Manuel Betancourt

Julie & Julia, or How Meryl’s Julia Child is a treat

August 11, 2009 · in Uncategorized

[Disclaimer. Excepting the title, this post has been edited to purposely exclude food puns. If you want those, please go ahead and read any and all other reviews about Nora Ephron’s latest]

Julie & Julia
Written and Directed by: Nora Ephron
Starring: Meryl Streep, Amy Adams, Stanley Tucci, Chris Messina & Jane Lynch (!)
The premise is simple: Julie Powell, a lowly cubicle worker in NYC (living in Queens – eek!) decides to plow her way through Julia Child’s ‘Mastering the Art of French Cooking’ and write a blog about it: 524 recipes in 365 days is no small feat but also not very cinematic. This explains why the other half of this film focuses on Child’s years in Paris as she learns the art of cooking. Indeed, this double narrative gives Ephron a way to explore the larger than life Child figure and off-set the shrewish and at times off-putting antics of Adams’ Julie. While the Queens-dwelling blogger’s story is what drives the plot, I think the screenplay gives her little to do other than give a framing device for the much more exciting (and laugh-out-loud funny) story of her icon, Julia Child. This is of course, fine by me. I love Adams, but I love Meryl more.
There is a key therefore, to understanding this film and its centerpiece (namely, Streep’s depiction of Julia Child). Since as audience members, we are put squarely in Julie Powell’s shoes we are invited to see and explore Julia Child’s life through Julie’s eyes. The movie is very forthcoming about this in one of its final scenes, but I think it bears pointing this out because for all the strong work that Adams does as Julie, it is Streep (and to a lesser extent, Tucci as her husband and Lynch as her sister) who steals the show and does so by playing, not Julia Child per se but Julie’s Julia Child. It is because Streep understands this that her depiction of Child hits the right chord: in a crowded NYC theater, every gesture (smile, look, grunt, you name it) from Streep delighted the audience. Just like Julia, Streep seems motivated by the motto: ‘Never apologize’ (and why would she? She’s Meryl effin’ Streep for goodness sakes!). This makes watching Julia’s move from ‘wife’ to ‘hat-maker’ to ‘cooking student’ to ‘cookbook writer extraordinaire’ that much more thrilling; it gives the audience (and Julie) a way out of our own lives and into the cinematically enhanced world of Paris with Julia as our foodie guide.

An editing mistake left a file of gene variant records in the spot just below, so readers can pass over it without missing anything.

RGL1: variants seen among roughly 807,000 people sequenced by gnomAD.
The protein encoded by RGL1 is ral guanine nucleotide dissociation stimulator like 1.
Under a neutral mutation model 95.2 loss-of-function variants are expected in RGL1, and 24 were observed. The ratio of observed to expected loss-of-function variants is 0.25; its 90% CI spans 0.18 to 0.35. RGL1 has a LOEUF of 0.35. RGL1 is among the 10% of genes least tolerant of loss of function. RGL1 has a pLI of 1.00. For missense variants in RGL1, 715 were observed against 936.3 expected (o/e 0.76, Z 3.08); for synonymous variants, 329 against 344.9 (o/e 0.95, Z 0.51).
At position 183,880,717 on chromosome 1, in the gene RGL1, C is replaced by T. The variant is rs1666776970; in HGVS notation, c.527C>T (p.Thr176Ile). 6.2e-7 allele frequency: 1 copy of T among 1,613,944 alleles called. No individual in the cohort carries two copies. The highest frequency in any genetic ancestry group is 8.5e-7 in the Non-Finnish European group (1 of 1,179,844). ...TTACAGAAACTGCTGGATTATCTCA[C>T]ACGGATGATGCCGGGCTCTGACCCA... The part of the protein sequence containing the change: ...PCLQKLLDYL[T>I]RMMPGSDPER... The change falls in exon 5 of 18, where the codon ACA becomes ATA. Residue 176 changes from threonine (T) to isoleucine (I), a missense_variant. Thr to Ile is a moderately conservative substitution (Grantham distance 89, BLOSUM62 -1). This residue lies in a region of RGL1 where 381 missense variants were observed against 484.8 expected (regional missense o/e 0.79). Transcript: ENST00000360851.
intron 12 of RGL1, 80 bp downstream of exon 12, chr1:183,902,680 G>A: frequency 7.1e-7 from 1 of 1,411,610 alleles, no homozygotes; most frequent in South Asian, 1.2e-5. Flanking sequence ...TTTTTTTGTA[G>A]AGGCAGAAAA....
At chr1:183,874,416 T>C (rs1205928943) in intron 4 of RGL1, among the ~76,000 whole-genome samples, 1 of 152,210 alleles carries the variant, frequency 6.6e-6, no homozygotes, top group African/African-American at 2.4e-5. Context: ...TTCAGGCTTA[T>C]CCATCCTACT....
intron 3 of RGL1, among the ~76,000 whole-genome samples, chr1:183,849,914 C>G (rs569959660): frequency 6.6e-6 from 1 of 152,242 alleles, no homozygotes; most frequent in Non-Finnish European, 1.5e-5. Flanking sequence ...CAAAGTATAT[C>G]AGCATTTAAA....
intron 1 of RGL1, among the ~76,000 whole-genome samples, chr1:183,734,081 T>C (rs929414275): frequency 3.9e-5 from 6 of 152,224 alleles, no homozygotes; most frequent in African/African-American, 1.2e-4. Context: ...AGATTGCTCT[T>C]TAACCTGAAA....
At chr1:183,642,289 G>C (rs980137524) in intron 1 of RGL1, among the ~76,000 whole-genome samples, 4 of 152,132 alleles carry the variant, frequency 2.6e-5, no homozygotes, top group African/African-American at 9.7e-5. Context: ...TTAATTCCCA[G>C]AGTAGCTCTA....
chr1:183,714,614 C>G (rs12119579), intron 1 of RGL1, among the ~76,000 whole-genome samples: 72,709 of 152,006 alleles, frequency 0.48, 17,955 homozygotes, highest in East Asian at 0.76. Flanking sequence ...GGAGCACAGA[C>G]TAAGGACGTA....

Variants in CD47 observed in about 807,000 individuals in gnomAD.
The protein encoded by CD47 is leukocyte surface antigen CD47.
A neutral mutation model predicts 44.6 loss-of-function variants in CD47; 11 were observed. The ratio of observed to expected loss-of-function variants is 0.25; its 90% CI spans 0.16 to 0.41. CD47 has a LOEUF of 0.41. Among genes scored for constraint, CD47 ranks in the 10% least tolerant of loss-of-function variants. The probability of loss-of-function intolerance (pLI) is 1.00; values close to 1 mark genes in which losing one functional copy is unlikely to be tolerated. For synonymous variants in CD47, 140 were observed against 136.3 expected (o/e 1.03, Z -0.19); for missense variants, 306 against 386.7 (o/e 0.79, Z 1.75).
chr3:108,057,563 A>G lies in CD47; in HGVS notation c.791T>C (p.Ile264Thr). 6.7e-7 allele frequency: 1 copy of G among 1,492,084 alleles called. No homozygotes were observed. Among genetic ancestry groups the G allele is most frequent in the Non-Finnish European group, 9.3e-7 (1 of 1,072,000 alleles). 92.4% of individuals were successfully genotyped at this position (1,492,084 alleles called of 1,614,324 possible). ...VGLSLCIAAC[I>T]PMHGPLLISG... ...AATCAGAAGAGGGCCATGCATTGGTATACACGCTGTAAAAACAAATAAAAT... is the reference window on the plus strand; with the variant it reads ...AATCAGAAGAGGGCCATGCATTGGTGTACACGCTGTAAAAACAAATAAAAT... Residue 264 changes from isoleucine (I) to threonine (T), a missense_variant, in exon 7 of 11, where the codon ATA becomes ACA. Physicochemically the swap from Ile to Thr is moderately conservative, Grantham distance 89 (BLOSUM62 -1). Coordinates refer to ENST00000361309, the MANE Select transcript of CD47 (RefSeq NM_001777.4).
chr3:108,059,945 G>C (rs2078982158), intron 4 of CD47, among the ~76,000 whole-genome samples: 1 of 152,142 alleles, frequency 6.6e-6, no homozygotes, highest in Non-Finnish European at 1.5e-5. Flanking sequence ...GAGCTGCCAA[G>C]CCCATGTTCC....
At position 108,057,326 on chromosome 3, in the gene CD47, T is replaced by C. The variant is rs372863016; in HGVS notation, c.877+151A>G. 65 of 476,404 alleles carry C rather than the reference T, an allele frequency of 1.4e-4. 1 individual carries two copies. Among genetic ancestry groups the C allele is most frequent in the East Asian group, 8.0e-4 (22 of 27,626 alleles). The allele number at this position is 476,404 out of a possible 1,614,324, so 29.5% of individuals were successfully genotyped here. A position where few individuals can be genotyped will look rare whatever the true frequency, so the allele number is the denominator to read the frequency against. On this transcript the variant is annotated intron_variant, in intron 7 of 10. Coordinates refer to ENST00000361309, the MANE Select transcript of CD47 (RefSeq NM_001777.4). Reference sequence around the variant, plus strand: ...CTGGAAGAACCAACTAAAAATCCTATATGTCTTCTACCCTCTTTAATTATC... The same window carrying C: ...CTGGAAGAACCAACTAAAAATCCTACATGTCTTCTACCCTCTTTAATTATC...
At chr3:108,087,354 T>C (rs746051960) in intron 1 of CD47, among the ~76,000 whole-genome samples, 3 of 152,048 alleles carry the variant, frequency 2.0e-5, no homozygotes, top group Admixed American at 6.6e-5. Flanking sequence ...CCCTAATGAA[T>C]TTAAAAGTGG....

Ultimately, Julie & Julia is a well crafted picture with a wonderful lead performance by Streep that has an obscenely hilarious first hour (the second half lags a bit) which effortlessly teeters between froth and funny without sacrificing character and offering up mouth-watering shots of food of all kinds. A-